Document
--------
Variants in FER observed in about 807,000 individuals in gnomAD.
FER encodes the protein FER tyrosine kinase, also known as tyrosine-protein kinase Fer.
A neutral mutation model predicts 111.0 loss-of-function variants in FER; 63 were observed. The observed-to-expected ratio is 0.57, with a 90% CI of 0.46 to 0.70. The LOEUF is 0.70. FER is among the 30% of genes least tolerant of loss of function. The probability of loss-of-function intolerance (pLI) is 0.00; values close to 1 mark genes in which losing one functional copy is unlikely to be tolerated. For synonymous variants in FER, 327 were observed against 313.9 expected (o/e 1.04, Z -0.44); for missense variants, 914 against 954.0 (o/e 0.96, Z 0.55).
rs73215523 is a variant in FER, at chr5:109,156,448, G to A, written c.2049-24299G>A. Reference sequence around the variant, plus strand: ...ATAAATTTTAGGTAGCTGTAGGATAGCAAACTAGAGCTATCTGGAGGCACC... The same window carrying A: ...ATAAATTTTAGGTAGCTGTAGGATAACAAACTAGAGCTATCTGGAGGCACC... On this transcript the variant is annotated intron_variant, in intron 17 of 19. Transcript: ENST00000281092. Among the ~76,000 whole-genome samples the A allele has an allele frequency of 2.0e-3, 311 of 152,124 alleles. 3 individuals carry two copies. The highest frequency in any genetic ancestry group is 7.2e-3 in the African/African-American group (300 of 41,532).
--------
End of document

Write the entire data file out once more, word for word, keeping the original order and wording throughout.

Variants in FER observed in about 807,000 individuals in gnomAD.
FER encodes the protein FER tyrosine kinase, also known as tyrosine-protein kinase Fer.
A neutral mutation model predicts 111.0 loss-of-function variants in FER; 63 were observed. The observed-to-expected ratio is 0.57, with a 90% CI of 0.46 to 0.70. The LOEUF is 0.70. FER is among the 30% of genes least tolerant of loss of function. The probability of loss-of-function intolerance (pLI) is 0.00; values close to 1 mark genes in which losing one functional copy is unlikely to be tolerated. For synonymous variants in FER, 327 were observed against 313.9 expected (o/e 1.04, Z -0.44); for missense variants, 914 against 954.0 (o/e 0.96, Z 0.55).
rs73215523 is a variant in FER, at chr5:109,156,448, G to A, written c.2049-24299G>A. Reference sequence around the variant, plus strand: ...ATAAATTTTAGGTAGCTGTAGGATAGCAAACTAGAGCTATCTGGAGGCACC... The same window carrying A: ...ATAAATTTTAGGTAGCTGTAGGATAACAAACTAGAGCTATCTGGAGGCACC... On this transcript the variant is annotated intron_variant, in intron 17 of 19. Transcript: ENST00000281092. Among the ~76,000 whole-genome samples the A allele has an allele frequency of 2.0e-3, 311 of 152,124 alleles. 3 individuals carry two copies. The highest frequency in any genetic ancestry group is 7.2e-3 in the African/African-American group (300 of 41,532).